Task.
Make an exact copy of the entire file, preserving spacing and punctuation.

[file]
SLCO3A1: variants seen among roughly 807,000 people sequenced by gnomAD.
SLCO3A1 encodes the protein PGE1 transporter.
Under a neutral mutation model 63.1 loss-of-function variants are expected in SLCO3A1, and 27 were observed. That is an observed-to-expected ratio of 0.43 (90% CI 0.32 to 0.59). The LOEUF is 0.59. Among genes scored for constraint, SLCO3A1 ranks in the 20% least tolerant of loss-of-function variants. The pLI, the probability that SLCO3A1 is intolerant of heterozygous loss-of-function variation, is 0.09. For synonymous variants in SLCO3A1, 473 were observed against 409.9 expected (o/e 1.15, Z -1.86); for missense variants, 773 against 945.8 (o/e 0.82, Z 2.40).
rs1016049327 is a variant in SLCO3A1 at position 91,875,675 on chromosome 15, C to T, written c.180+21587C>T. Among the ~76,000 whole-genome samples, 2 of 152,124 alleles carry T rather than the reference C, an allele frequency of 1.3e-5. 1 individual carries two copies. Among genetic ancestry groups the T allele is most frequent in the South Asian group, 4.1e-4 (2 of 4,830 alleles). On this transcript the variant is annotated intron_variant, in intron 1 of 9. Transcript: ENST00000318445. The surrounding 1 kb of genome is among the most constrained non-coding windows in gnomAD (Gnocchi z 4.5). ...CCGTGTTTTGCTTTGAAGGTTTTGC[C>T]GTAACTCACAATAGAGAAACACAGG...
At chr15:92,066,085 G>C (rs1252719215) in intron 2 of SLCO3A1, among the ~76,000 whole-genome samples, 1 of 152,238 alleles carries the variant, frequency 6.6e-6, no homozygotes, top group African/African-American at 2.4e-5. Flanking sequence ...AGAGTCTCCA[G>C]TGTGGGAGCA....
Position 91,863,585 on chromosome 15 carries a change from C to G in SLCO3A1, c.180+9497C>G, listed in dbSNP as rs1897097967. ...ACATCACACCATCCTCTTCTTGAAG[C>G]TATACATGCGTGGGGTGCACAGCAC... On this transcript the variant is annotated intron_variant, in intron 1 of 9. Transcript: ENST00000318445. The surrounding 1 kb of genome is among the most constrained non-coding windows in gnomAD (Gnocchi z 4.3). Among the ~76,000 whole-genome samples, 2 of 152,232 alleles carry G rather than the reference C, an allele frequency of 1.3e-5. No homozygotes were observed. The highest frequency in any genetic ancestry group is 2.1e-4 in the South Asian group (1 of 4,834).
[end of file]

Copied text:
SLCO3A1: variants seen among roughly 807,000 people sequenced by gnomAD.
SLCO3A1 encodes the protein PGE1 transporter.
Under a neutral mutation model 63.1 loss-of-function variants are expected in SLCO3A1, and 27 were observed. That is an observed-to-expected ratio of 0.43 (90% CI 0.32 to 0.59). The LOEUF is 0.59. Among genes scored for constraint, SLCO3A1 ranks in the 20% least tolerant of loss-of-function variants. The pLI, the probability that SLCO3A1 is intolerant of heterozygous loss-of-function variation, is 0.09. For synonymous variants in SLCO3A1, 473 were observed against 409.9 expected (o/e 1.15, Z -1.86); for missense variants, 773 against 945.8 (o/e 0.82, Z 2.40).
rs1016049327 is a variant in SLCO3A1 at position 91,875,675 on chromosome 15, C to T, written c.180+21587C>T. Among the ~76,000 whole-genome samples, 2 of 152,124 alleles carry T rather than the reference C, an allele frequency of 1.3e-5. 1 individual carries two copies. Among genetic ancestry groups the T allele is most frequent in the South Asian group, 4.1e-4 (2 of 4,830 alleles). On this transcript the variant is annotated intron_variant, in intron 1 of 9. Transcript: ENST00000318445. The surrounding 1 kb of genome is among the most constrained non-coding windows in gnomAD (Gnocchi z 4.5). ...CCGTGTTTTGCTTTGAAGGTTTTGC[C>T]GTAACTCACAATAGAGAAACACAGG...
At chr15:92,066,085 G>C (rs1252719215) in intron 2 of SLCO3A1, among the ~76,000 whole-genome samples, 1 of 152,238 alleles carries the variant, frequency 6.6e-6, no homozygotes, top group African/African-American at 2.4e-5. Flanking sequence ...AGAGTCTCCA[G>C]TGTGGGAGCA....
Position 91,863,585 on chromosome 15 carries a change from C to G in SLCO3A1, c.180+9497C>G, listed in dbSNP as rs1897097967. ...ACATCACACCATCCTCTTCTTGAAG[C>G]TATACATGCGTGGGGTGCACAGCAC... On this transcript the variant is annotated intron_variant, in intron 1 of 9. Transcript: ENST00000318445. The surrounding 1 kb of genome is among the most constrained non-coding windows in gnomAD (Gnocchi z 4.3). Among the ~76,000 whole-genome samples, 2 of 152,232 alleles carry G rather than the reference C, an allele frequency of 1.3e-5. No homozygotes were observed. The highest frequency in any genetic ancestry group is 2.1e-4 in the South Asian group (1 of 4,834).